William George Rushton, commonly known as Willie Rushton (18 August 1937 in Chelsea, London–11 December 1996 Cromwell Hospital, Kensington, London) was an English cartoonist, satirist, comedian, actor and performer who co-founded the Private Eye satirical magazine.
School and army
William George Rushton was born 18 August 1937 in the family home at Scarsdale Villas, Kensington (which 24 years later was to also be the editorial birthplace of Private Eye). He began attending Shrewsbury School in 1950, where he met his future Private Eye colleagues Richard Ingrams, Paul Foot and Christopher Booker. His distinctive character and tastes were already forming, as he introduced his friends to P. G. Wodehouse, the humorous columnist Beachcomber, and the records of ex-Footlights’ revue star Jack Hulbert. He gave a memorable performance as Lord Loam in The Admirable Crichton. He was becoming an accomplished illustrator, and his cartoons appeared in the school’s official magazine, The Salopian. He also contributed to the satirical rag, The Wallopian with Ingrams, Foot, Booker mocking school spirit, traditions and the masters. It was during this period that the term "pseud" was coined. The expression was given wider currency by Private Eye and is still in use as an insult against pseudo-intellectuals.
Rushton failed his Maths O Level seven times despite staying on an extra year. So while his contemporaries went off to Oxford (or, in Booker's case, Cambridge), Rushton had to do his two years of National Service in the army. Contrary to the expectations of his public school education, Trooper 23354249 Rushton W G refused a commission. "The Army is, God bless it, one of the funniest institutions on earth and also a sort of microcosm of the world. It's split almost perfectly into our class system. Through serving in the ranks I discovered the basic wit of my fellow man - whom basically, to tell the truth, I'd never met before." After completing his national service, he returned to civilian life in 1959. Looking around for qualifications, Rushton took up a post as a solicitor's clerk, doodling caricatures and cartoons on files and case notes.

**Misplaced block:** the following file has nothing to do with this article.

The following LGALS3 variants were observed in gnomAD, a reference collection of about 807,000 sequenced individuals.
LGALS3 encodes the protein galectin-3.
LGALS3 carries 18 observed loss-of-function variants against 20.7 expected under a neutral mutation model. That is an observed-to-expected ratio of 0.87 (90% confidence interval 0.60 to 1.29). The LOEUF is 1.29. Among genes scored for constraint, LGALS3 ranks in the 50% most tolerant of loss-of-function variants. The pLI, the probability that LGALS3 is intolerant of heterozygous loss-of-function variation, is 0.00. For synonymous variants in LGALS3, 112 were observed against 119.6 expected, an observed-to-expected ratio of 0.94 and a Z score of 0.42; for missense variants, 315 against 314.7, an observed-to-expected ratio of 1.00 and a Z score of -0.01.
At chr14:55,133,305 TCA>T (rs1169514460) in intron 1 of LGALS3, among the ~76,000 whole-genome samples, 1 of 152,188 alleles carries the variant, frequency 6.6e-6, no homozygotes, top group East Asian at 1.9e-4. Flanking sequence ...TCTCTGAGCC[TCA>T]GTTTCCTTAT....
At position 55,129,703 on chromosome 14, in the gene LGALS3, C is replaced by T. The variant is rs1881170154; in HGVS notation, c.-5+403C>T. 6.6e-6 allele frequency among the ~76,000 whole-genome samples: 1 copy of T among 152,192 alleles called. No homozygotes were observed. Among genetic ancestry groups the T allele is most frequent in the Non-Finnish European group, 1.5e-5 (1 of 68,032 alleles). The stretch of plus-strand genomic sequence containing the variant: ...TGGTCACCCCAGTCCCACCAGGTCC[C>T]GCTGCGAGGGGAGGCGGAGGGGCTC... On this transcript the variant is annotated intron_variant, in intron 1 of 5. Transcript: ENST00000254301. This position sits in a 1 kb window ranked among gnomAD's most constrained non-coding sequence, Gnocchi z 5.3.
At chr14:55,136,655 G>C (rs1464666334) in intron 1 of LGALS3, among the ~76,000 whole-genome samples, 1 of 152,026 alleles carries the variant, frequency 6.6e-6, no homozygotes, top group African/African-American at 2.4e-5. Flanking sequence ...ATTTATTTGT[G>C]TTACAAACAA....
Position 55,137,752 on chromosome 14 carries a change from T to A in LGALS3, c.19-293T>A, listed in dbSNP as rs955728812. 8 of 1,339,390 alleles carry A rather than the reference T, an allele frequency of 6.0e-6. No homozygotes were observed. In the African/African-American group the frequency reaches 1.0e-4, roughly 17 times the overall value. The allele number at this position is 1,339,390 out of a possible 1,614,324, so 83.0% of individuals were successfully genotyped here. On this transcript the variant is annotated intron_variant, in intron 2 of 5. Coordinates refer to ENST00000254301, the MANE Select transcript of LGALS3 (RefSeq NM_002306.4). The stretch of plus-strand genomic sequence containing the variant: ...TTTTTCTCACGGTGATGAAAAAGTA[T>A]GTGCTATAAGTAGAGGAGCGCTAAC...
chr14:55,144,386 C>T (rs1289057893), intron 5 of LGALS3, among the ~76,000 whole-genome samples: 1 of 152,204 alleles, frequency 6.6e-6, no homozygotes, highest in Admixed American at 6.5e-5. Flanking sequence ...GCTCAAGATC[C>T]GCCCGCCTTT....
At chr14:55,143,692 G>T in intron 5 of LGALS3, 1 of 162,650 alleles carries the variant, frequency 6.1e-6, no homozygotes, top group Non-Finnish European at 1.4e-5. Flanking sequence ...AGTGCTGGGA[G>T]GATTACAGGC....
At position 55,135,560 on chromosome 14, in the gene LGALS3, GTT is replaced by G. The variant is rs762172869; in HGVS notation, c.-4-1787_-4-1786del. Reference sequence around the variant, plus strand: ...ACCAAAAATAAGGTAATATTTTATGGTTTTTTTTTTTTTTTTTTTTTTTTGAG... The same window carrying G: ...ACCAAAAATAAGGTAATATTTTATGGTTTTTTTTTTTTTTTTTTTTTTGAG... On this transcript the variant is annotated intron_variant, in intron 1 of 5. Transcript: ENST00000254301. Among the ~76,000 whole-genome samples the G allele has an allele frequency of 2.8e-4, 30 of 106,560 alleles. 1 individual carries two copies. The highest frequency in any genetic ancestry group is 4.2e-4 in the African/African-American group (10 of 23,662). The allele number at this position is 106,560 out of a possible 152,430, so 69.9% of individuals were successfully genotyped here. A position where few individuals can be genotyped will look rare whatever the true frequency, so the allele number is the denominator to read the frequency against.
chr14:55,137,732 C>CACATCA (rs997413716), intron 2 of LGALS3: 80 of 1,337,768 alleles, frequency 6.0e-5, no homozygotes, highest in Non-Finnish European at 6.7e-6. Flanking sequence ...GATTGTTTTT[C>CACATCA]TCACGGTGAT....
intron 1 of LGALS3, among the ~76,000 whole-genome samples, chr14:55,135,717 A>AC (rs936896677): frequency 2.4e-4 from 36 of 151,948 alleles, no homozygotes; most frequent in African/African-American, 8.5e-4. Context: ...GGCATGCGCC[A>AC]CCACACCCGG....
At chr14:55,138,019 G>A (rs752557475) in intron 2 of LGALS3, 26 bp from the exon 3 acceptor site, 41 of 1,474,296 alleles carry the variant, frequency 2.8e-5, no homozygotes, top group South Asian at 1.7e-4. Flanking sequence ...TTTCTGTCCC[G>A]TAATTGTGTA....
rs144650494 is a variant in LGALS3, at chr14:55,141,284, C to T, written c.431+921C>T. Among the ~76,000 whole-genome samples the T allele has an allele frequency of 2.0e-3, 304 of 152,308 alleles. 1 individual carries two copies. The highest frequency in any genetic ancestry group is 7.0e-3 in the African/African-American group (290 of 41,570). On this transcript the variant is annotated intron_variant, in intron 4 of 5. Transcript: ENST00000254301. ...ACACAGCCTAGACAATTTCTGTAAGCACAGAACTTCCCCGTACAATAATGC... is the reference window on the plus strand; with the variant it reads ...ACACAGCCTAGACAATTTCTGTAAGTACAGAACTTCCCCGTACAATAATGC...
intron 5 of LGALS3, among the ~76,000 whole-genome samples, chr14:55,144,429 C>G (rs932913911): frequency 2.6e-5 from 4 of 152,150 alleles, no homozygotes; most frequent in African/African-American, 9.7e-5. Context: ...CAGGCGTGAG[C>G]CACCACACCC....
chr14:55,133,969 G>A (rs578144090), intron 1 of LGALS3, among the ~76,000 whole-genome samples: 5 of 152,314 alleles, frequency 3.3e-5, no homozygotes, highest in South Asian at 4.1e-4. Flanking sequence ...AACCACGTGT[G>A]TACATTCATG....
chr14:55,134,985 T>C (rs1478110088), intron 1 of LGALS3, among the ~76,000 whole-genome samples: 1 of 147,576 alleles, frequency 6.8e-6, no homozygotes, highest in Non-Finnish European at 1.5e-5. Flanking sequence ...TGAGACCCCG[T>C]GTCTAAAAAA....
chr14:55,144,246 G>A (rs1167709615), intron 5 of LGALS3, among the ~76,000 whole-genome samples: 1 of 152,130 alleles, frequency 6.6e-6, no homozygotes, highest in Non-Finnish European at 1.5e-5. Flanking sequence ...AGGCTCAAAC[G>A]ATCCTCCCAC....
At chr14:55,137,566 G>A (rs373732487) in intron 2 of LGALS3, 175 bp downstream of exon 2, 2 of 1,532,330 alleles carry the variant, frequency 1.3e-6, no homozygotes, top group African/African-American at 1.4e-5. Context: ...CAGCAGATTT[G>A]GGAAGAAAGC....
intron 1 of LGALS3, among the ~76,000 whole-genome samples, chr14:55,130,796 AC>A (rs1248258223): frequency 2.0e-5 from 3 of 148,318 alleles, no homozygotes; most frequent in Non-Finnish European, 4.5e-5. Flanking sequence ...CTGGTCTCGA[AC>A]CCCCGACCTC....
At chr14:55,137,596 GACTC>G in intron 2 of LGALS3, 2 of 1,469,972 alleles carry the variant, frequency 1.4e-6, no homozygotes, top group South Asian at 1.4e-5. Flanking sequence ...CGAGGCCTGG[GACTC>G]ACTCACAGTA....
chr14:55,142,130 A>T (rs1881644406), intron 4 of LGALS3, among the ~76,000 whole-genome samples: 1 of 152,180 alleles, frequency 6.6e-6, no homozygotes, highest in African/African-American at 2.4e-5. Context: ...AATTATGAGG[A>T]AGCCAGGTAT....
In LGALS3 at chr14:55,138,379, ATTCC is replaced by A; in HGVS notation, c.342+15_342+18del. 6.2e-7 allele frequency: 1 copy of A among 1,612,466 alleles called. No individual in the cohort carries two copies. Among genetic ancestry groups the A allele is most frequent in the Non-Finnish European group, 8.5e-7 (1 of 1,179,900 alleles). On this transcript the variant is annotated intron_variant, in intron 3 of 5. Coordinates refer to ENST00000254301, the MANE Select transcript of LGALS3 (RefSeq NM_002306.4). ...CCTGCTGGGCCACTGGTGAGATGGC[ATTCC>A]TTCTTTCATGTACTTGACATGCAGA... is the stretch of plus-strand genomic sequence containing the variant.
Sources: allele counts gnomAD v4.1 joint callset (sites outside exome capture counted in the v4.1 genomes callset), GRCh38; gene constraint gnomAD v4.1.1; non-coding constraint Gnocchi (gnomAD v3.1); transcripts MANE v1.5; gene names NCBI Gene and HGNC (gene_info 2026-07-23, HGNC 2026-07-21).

Private Eye and the satire boom
He was still in contact with his Shrewsbury friends, who had added John Wells to their number, and were now running their own humour magazines at Oxford, Parsons Pleasure and Mesopotamia, to which Rushton made many contributions during his frequent visits. A cartoon of a giraffe in a bar saying “The high balls are on me“ was not met with approval by everyone in the university administrative quarters. It was Rushton who suggested that Mesopotamia could continue after they left university. During his time as a clerk he had been sending his cartoons out to Punch but none had been accepted. After being knocked over by a bus he quit his clerking, determined not to waste another day.
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